LFF 2018: Mandy Review
Like almost every single reviewer before me, I’m going to start with the disclaimer that written words simply cannot capture the experience of watching Panos Cosmatos’ latest feature film Mandy. That’s not a get-out clause, this is still a review after all, but just know that first and foremost you should watch this film before reading any more about it.
The film focusses on Red Miller (Nicolas Cage), a tree logger who lives in the Shadow Mountains with his partner Mandy. Their life seems idyllic – they sleep under the stars and Mandy is a keen fantasy artist – until they are rudely interrupted by the arrival of a cult, Children of the New Dawn. The first half of the film details the horror which the Children of the New Dawn and their summoned Biker Gang, the Black Skulls, inflict on both Mandy and Red. The second half of the film is a response to these events, a straightforward revenge-based plot acted out by a man grieving for his lost love.
Titular Mandy is played by the chameleon-esque Andrea Riseborough, an actor who is almost completely unrecognisable in this role. This is in part due to the facial scarring and very long dark hair, but also the way in which Riseborough completely asserts her character's behaviours, down to the minutiae. Nicolas Cage is equally fascinating as Red, at first playing the part of a seemingly subdued and tender partner, later a deranged man who will stop at nothing to enact his revenge. Cage and Riseborough - despite having only a smattering of dialogue together - have a truly believable onscreen relationship which is absolutely crucial to the narrative of the film.
Mandy is absolutely a film of two halves. The first of which is almost excruciatingly slow-paced, it feels like every other shot is in slow motion. There are moments where this works - the vista of Red and Mandy on the lake, the moment where Jeremiah Sands (Linus Roache) sees Mandy for the first time are both occasions where these elongated takes are wonderful to be immersed in. The second half is packed with many active sequences as Red pursues his victims, punctuated by lengthy dialogue between him and various cohorts that he seeks out on the way. The first half feels slightly too long and begins to drag somewhat just before the halfway point - Mandy wouldn't suffer for being slightly snappier in getting to Red's journey of revenge.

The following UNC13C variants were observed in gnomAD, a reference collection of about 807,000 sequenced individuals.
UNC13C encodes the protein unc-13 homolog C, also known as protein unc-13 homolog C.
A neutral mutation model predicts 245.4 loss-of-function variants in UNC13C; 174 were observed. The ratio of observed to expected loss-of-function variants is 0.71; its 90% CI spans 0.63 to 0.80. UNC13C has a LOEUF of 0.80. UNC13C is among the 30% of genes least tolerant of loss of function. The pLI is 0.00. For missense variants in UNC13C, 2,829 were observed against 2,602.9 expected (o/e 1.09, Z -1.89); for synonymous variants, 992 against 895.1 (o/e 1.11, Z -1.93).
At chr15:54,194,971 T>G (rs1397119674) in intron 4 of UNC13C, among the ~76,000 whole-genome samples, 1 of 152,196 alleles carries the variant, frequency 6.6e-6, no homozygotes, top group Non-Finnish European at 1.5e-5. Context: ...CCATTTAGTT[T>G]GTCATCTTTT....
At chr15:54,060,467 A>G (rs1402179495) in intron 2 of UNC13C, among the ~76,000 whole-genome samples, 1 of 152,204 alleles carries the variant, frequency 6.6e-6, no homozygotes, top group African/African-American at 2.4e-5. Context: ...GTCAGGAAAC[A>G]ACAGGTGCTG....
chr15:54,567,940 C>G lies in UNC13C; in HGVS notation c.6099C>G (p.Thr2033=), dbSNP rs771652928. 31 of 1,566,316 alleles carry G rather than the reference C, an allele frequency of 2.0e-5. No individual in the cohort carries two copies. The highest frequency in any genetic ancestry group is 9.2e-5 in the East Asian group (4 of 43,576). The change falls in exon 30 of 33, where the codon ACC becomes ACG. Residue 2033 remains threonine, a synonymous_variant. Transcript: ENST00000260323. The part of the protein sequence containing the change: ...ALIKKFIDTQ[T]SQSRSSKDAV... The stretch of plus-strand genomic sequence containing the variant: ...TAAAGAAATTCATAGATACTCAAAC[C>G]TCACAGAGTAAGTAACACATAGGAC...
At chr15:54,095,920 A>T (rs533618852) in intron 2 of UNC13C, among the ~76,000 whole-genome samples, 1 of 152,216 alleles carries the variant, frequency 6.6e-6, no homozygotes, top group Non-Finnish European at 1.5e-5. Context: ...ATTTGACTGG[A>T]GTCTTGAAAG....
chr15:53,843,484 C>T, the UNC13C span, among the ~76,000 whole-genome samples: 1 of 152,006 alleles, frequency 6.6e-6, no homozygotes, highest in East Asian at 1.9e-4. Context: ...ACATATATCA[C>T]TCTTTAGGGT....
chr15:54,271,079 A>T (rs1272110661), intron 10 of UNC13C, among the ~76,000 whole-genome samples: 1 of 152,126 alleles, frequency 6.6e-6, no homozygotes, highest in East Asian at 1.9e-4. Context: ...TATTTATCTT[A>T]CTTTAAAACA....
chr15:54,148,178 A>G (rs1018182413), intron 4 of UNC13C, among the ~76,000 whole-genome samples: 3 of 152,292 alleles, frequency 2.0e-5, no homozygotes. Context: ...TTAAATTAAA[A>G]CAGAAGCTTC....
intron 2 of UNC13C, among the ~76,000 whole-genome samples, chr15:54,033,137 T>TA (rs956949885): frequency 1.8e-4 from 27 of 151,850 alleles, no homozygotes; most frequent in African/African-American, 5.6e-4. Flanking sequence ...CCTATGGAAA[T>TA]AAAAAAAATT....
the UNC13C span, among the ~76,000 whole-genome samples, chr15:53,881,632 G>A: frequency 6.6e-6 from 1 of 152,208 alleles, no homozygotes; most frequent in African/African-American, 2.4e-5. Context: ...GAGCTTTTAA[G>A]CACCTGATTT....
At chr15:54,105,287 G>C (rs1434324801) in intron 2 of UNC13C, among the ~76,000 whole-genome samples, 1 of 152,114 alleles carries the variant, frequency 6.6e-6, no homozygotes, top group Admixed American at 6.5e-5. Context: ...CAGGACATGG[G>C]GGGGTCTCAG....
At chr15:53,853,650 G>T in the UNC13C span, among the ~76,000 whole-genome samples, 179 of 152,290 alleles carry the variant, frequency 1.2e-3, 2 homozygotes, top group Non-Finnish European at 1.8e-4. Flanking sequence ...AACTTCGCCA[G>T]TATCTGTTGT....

Director of photography Benjamin Leob pulls off some of the most visually striking shots - akin to the likes of Mad Max: Fury Road or the films of Nicolas Winding Refn. Careful attention and detail is given to the composition and lighting - the colours used are extraordinary and a reminder of just how far the aesthetics of cinema can be pushed. Mandy is beautifully composed in its colour palettes and framing too - so much so that one can't help but gape in awe at the screen. Equally, the soundtrack by the late Jóhann Jóhannsson (who the film is dedicated to) packs a punch, complimenting the fantastical elements of the visual style.
It is a striking film, but unfortunately the detail is only skin deep. There is no real narrative (it's a simple revenge plot that's been done before) and the film raises so many more questions than it ever even tries to answer. With its fantasy elements and hyper-surreal style, mystery is part of why the film works but at the same time there does need to be some exposition in order for it to be believable - even in a film like Mandy. The style may be awesome, but that's not a replacement for a even just a hint of substance.
Cosmatos has a confident handle on all of the individual elements, but the film ultimately suffers from hitting the same note over and over again. There isn't much in the way of tension or climax. Many of the key moments, though enjoyable at the time, feel very underwhelming as there is little in the way of build up. Still, it's a film which has already gained a cult-like following, which seems appropriate for its subject matter.
Go into Mandy without any expectations. It’s been touted as something beyond the usual body horror/slasher flick, but if you’ve ever watched a Cronenberg film, you’ll already know that this type of film already exists. It isn’t really pushing the boundaries of ultra-violence or horror – but it is doing something very different in its own way.
At the very least, it’s given the world a whole host of new meme-able Nicolas Cage images, and isn’t that exactly what we need right now?